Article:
Melanoma is a slow growing skin cancer that is usually fatal to its equine victims, most often grays. But one woman used her misfortune to found an organization that educates about the disease and is backing research to find a cure for it someday soon.
That woman, hunter rider Karen Witter, was on the verge of beginning her show season with her gelding, Smokin' Magic, aka Chili. A veteran of three races when Witter bought him, she knew the five-year-old had tumors on his tail that wouldn't affect a ring career. He was to have been her daughter, Meagan's, amateur owner hunter, but she moved out West after college graduation, leaving Chili without a job. So Witter decided to show him herself. She started him in the schooling hunters, moving on to the suitable hunters and was on the verge of going into the adult amateurs. Then a large tumor emerged at his jaw line.
"He was having a hard time flexing his neck and jumping; it was affecting his entire balance," said Witter who tried in vain to find someone to work on the problem. "I came up empty, basically."
However, a friend had been a vet student at the Virginia-Maryland Regional College of Veterinary Medicine, and knew Dr. John Robertson of the school's Center of Comparative Oncology in Blacksburg, VA. He was working in translational medicine, a field in which medical procedures and drugs which had helped one species (in these case, humans) could be beneficial to another, as in horses. Scientists are testing the effectiveness of botanical oils, such as frankincense, that attacked tumor cells in the laboratory.
"He was the one I turned to and I eventually took my horse down there" to be the first involved in the clinical trial, she said. Frankincense, injected directly into the tumors on his tail, was a success. Chili's body absorbed the lumps, then sloughed them off. But the growth in his throat latch area was in a place where the oils could not be injected.
So Witter came to a crossroads. She could have approved surgery to remove the growth. She could wait until his air supply was choked off by the cancerous mass. Or she could have him put down. She chose surgery.
He did not make it out of recovery. But because she wanted to spare other owners from seeing their horses fall victim to this disease, she became involved with researching a cure. She founded the 501c non-profit Take The Reins Foundation.
"It has really gone well," she said from Blacksburg, VA, where she moved to be near the center and to help with the work. "It puts the researchers and the scientists and the veterinarians together with the horse people and the response has been terrific within the equestrian community."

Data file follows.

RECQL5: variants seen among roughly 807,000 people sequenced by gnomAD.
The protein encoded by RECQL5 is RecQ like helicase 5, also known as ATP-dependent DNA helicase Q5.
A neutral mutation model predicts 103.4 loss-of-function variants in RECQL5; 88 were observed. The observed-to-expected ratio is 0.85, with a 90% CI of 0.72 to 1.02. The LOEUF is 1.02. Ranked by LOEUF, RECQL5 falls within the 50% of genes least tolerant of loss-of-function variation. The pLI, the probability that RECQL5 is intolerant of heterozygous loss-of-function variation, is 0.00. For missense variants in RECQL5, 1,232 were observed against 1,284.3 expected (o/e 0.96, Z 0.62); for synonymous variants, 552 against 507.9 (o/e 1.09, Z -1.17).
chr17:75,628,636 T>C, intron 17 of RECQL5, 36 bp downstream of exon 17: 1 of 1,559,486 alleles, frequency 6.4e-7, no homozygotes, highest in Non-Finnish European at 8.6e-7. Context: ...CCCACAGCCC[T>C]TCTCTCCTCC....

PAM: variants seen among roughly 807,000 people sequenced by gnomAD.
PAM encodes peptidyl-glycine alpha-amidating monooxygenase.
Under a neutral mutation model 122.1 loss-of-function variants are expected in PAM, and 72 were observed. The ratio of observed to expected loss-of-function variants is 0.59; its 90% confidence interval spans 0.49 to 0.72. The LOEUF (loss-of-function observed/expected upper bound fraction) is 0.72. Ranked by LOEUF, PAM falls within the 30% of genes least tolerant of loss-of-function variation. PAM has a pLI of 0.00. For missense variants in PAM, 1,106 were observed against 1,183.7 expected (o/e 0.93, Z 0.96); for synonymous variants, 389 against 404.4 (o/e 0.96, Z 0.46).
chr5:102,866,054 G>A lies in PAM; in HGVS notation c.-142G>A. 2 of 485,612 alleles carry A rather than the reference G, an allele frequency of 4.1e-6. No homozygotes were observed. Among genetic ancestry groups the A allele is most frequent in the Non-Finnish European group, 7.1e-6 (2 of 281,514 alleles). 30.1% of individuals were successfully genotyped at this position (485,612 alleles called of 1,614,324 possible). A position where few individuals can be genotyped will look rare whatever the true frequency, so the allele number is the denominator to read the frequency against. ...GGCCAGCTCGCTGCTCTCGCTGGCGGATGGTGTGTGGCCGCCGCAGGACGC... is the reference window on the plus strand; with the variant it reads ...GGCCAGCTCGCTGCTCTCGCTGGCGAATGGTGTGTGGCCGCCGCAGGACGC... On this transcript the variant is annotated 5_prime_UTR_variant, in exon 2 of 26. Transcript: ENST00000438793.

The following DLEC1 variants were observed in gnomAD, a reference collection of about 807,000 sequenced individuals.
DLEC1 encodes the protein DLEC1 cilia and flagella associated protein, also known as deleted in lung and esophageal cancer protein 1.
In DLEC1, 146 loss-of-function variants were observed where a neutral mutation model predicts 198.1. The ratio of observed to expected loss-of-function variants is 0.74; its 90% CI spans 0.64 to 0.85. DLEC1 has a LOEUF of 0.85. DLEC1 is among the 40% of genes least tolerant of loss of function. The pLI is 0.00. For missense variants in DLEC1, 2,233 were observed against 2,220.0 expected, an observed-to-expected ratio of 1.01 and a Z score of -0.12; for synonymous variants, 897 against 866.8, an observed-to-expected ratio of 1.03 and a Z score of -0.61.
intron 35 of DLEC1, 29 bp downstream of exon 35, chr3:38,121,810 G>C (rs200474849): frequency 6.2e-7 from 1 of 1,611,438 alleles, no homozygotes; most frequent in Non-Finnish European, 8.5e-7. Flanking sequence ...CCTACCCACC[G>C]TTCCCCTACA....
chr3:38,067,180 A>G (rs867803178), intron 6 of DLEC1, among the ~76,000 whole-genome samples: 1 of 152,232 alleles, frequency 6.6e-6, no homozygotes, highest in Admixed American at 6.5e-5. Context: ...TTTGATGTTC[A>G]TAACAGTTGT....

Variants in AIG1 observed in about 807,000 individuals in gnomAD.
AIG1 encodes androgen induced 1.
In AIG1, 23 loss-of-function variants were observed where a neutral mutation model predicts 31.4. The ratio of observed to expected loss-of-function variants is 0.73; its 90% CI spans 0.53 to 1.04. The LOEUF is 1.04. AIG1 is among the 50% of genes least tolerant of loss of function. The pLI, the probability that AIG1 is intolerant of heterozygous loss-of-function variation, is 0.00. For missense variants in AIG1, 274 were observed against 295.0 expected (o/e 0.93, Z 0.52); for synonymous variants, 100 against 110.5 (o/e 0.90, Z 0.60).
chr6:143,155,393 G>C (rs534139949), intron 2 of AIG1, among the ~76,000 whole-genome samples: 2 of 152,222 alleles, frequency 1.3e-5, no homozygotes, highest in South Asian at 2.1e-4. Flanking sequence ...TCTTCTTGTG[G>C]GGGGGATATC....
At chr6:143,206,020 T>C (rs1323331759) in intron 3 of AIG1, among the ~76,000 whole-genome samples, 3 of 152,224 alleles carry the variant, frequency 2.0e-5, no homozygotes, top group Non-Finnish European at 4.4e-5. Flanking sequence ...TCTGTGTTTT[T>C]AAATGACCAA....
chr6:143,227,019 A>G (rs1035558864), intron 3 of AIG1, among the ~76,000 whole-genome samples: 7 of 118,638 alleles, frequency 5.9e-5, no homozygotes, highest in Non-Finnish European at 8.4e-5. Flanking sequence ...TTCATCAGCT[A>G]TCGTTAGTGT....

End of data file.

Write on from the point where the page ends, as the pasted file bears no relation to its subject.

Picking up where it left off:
Her part in it "is finding horses (with this condition). I have had people say 'my horse has this` or 'I know some people who have a horse with this.'"
Ultimately she would like to see scientists "come up with a vaccine or a blood test that would show if a horse has these tumors growing inside." Another possibility that could come from the experimental work is learning whether gray horses are genetically predisposed to this type of cancer.
After Chili's death Witter agreed to an autopsy which revealed the nine-year-old gelding "was loaded with tumors on the inside as well. The largest one was probably the one that was around his heart and lungs. And there were several down his spine. Basically he was a ticking time bomb."
Witter remains on Take The Reins Foundation's Board of Directors, "which is run by a wonderful group of people who stepped up to the plate to keep things going." She shuttles between her new home in Blacksburg and New Jersey to be at the foundation's board meetings and part of the group's plans for the future. The organization has already held a fundraiser and is planning another on April 18-20, 2008 at the Prallfville Inn in Stockton. Through those venues "we want to educate people about what can be done," said Witter.
It is beginning to work. Witter was contacted "by a woman in York (Pa.) who had an older gelding with it and was thinking of putting him down in a few days. The melanoma was all over the place and there was nothing she could do," she explained. "I called Dr. Robertson who talked to her vet, and blood samples were supplied. She had another gray horse that they are going to treat. That's kind of what I am trying to do and what the foundation's goal is."
For more information on the research, contact Witter at her cell phone number, (908) 963-3002, or Dr. Robertson through his e-mail address,firstname.lastname@example.org, or his office at (540) 231-4643.